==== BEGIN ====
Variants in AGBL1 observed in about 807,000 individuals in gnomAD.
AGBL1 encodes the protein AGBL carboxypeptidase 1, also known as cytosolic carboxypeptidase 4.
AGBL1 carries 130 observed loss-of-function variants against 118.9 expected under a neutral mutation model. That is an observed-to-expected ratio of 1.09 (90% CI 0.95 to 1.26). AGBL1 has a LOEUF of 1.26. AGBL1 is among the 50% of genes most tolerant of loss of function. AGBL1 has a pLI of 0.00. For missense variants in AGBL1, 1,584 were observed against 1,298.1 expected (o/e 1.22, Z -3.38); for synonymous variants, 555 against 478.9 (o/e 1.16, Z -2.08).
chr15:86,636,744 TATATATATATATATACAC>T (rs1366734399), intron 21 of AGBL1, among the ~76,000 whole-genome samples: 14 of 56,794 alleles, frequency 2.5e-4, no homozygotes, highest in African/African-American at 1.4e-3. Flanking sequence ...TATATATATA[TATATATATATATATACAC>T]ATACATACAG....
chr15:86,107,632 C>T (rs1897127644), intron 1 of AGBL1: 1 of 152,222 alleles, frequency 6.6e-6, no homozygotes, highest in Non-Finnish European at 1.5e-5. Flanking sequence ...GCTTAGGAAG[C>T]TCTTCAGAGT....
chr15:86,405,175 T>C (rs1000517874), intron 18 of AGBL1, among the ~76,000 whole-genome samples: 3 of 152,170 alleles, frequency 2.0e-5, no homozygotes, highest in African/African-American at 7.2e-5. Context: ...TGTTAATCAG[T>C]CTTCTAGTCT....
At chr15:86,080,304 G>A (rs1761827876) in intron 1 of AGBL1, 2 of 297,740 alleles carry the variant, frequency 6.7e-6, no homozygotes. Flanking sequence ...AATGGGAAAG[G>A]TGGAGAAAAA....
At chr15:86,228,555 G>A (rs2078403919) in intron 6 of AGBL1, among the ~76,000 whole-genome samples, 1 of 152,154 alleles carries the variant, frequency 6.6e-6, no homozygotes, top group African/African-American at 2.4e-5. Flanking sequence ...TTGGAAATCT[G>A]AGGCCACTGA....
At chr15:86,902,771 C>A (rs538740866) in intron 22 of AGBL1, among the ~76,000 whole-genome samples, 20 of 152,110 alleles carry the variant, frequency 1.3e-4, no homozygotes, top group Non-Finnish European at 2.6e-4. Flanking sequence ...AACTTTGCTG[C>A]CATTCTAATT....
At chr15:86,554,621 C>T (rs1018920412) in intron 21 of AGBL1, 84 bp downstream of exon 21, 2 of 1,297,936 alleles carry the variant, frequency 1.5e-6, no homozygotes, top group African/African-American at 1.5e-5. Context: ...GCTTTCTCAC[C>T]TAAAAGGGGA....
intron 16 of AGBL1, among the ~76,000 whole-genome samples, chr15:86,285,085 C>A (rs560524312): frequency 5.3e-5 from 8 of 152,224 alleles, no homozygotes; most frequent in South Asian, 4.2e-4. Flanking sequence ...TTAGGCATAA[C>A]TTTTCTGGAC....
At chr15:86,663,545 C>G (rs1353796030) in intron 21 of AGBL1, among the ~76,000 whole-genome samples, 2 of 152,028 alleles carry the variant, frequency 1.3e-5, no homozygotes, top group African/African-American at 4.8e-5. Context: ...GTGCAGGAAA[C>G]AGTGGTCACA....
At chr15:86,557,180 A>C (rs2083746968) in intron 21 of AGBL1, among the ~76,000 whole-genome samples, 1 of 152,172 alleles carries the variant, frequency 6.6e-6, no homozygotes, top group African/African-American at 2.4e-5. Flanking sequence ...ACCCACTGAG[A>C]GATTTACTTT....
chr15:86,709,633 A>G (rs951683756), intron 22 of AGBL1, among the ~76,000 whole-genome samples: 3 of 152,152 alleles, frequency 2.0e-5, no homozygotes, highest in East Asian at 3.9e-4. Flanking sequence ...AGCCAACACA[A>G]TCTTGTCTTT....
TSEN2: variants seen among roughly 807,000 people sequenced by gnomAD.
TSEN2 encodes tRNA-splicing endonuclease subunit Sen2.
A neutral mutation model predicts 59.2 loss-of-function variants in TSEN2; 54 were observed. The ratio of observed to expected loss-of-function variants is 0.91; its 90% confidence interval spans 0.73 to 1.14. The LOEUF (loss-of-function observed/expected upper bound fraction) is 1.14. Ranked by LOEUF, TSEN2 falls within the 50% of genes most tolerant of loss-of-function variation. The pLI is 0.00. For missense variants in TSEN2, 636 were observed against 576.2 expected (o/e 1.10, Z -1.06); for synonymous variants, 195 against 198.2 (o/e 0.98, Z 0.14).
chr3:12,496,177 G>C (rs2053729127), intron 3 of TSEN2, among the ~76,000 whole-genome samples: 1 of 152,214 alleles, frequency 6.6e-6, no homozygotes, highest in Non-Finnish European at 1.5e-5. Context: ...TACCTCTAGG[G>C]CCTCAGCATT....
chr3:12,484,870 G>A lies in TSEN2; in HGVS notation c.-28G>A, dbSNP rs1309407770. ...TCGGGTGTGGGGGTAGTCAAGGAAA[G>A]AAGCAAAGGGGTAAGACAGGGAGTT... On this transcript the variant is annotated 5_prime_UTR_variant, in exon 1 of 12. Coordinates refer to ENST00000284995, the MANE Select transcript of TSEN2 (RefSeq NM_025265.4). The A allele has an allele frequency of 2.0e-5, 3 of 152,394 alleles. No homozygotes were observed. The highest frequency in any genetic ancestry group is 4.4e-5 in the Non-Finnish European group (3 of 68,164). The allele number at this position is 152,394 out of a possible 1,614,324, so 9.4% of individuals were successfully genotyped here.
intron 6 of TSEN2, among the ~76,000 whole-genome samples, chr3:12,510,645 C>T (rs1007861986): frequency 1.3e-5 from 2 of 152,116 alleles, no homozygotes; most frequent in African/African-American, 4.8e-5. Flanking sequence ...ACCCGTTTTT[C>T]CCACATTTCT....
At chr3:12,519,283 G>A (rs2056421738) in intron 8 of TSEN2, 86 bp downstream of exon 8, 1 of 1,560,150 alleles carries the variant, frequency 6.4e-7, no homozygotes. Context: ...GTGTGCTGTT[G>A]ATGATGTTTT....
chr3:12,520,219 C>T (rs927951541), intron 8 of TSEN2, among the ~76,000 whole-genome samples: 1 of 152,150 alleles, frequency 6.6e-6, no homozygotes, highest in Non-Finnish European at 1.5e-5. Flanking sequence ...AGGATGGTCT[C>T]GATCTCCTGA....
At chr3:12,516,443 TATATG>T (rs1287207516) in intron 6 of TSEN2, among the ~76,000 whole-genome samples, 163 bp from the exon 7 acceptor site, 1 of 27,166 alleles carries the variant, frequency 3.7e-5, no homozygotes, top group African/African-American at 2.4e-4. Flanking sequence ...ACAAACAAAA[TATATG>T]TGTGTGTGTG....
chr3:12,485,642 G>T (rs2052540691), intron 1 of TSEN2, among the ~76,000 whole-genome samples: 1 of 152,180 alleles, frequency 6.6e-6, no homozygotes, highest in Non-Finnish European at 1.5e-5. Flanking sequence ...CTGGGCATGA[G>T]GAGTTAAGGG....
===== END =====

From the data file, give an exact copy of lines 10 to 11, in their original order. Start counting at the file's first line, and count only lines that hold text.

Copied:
At chr15:86,554,621 C>T (rs1018920412) in intron 21 of AGBL1, 84 bp downstream of exon 21, 2 of 1,297,936 alleles carry the variant, frequency 1.5e-6, no homozygotes, top group African/African-American at 1.5e-5. Context: ...GCTTTCTCAC[C>T]TAAAAGGGGA....
intron 16 of AGBL1, among the ~76,000 whole-genome samples, chr15:86,285,085 C>A (rs560524312): frequency 5.3e-5 from 8 of 152,224 alleles, no homozygotes; most frequent in South Asian, 4.2e-4. Flanking sequence ...TTAGGCATAA[C>A]TTTTCTGGAC....